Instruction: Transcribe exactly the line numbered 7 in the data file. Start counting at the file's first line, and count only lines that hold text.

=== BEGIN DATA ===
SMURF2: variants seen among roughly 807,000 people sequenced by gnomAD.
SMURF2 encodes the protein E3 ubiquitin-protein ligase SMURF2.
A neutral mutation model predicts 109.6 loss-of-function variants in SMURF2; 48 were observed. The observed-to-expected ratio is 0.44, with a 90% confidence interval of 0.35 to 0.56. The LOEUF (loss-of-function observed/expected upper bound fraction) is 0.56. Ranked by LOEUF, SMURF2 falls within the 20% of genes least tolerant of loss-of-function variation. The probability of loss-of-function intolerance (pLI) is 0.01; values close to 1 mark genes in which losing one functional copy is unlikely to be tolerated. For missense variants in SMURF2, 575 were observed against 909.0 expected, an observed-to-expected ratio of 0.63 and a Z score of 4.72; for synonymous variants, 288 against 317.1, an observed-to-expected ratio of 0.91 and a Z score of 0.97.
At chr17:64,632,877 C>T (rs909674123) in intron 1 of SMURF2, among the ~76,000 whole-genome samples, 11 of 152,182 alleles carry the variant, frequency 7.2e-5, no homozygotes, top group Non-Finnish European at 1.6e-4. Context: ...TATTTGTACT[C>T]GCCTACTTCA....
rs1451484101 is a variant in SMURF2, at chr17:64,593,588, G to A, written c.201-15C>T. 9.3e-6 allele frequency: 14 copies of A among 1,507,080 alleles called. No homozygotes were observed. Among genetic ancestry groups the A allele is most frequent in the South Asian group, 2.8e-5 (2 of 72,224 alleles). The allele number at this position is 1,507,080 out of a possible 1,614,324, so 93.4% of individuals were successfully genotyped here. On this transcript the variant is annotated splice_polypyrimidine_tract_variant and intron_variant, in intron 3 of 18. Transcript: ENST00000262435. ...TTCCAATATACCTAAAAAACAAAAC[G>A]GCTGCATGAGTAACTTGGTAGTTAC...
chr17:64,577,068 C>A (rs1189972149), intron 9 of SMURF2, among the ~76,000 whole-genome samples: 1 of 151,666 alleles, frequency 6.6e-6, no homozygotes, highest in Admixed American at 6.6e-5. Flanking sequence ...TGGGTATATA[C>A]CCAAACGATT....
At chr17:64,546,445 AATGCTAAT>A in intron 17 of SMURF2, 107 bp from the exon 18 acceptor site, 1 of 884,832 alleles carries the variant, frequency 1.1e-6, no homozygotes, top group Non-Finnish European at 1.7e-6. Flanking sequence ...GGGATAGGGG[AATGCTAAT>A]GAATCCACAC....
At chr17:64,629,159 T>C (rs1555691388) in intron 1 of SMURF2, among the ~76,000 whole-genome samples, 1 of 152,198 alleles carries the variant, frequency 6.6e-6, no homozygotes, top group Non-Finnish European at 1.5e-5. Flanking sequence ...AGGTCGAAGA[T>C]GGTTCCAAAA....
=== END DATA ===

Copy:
At chr17:64,546,445 AATGCTAAT>A in intron 17 of SMURF2, 107 bp from the exon 18 acceptor site, 1 of 884,832 alleles carries the variant, frequency 1.1e-6, no homozygotes, top group Non-Finnish European at 1.7e-6. Flanking sequence ...GGGATAGGGG[AATGCTAAT>A]GAATCCACAC....